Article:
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Jun 23rd, 2023

Seven years on, how do Brits feel about Brexit?

By Ellie Gellard

Today marks seven years since the Brexit referendum. Since 23rd June 2016 our country has been through two General Elections, a global pandemic, a war in Ukraine and now we find ourselves in the midst of a cost of living crisis. Much has changed. 

While debates about our relationship with the EU play out in Westminster and only a few voices are given a platform on the news, 38 Degrees wanted to give people across our country – be they nurses, taxi drivers, parents, shopkeepers or pensioners; from Aberdeen to St Austell; people who voted leave, remain and not at all – the chance to have their say on how Brexit is going. We wanted to know how they feel it is affecting their lives, and what they want to happen next.

So we asked them. 

80,682 members of the public took time out of their busy days to have their say by taking our Brexit survey. Here is what they said:

On where Brexit has left us:

  • A majority of both leave (63.5%) and remain voting (99.6% ) respondents believe that Brexit has not been a success. When asked if they would change their vote, a majority of both groups said no. Some leave voters expressed regret or felt that they had been misled.
  • A significant majority of leave voting respondents and an overwhelming majority of remain voting respondents expressed pessimism about the state of our country – 73.4% of leave voters and 96.5% of remain voters said they felt pessimistic.
  • In total, 75% of respondents said that in the years following the referendum, their standard of living had gone down. Among leave voters, the figure was 65%, for remain voters, it was 77%.
  • When asked to rank the issues they felt had the most impact on the reduction, decisions made by the Government in the years since came highest, followed by Brexit, the war in Ukraine and, finally, Covid.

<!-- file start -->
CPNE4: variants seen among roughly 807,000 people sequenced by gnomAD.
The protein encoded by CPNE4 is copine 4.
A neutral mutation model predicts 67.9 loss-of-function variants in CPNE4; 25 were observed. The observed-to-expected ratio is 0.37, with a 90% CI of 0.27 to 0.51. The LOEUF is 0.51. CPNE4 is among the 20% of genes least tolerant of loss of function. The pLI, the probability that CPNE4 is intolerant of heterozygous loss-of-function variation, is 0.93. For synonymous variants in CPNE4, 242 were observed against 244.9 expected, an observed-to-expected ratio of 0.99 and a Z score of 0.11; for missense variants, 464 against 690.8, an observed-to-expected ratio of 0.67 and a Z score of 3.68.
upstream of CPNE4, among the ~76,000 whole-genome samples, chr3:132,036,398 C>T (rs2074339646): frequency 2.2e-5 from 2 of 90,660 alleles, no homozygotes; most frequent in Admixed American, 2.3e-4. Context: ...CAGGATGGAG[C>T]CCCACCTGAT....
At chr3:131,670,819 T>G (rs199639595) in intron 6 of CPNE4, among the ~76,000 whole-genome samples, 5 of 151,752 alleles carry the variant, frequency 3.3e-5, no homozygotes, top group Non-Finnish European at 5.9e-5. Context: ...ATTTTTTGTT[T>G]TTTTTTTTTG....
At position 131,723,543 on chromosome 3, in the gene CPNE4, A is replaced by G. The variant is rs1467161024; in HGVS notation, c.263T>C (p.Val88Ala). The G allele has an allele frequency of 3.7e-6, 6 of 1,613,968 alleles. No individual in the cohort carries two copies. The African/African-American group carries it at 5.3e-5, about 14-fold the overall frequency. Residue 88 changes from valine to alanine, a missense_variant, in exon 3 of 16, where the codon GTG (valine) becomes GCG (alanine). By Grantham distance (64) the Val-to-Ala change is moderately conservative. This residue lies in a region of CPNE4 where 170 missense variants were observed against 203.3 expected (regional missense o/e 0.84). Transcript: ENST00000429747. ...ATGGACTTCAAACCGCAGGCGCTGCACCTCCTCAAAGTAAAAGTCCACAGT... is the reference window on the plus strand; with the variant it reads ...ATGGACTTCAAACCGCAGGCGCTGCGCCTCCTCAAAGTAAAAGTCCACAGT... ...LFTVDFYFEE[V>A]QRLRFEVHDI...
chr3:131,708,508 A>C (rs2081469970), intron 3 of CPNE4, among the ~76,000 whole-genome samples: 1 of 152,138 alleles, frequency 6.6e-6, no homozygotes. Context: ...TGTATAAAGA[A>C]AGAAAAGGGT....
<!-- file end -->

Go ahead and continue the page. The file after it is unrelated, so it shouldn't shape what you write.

And when it comes to our relationship with the EU:

  • A majority of both leave and remain voting respondents expressed a preference for a closer relationship. 
  • Leave voting respondents expressed a desire for better trade deals with the EU and more clarity regarding our ongoing relationship to give businesses certainty, while remain voting respondents also cited the negative impact on businesses and the potential impact of reduced immigration from the EU on the NHS. 

On this seventh anniversary, we wanted to shed some light on a debate too often overwhelmed by heat and divisiveness – and give the floor to voices too often gone unheard in the years since the referendum. We’ll leave the final word to some of them:

I voted leave because I felt the EU had too strong a hold on our National decisions on a number of things. I did not think the leave vote would win. I did not want to leave completely. I wanted more of a Swiss type arrangement. What it ended up being was a disaster. We need closer ties in particular relating to trade that includes food.”

Jill, Beckenham – leave voter

“We have not received what we were promised from Brexit so a closer relationship [with the EU] would seem beneficial.”

Peter, Derbyshire Dales – leave voter

To be honest I am feeling pretty disaffected and do not feel like my voice has counted politically for a very long time. I now struggle to feel like I can make a difference and am sad every day about the state of the country.”

Carole, Thornbury and Yate – remain voter

“I do think we were all misled.”

Heather, Arundel and South Downs – leave voter

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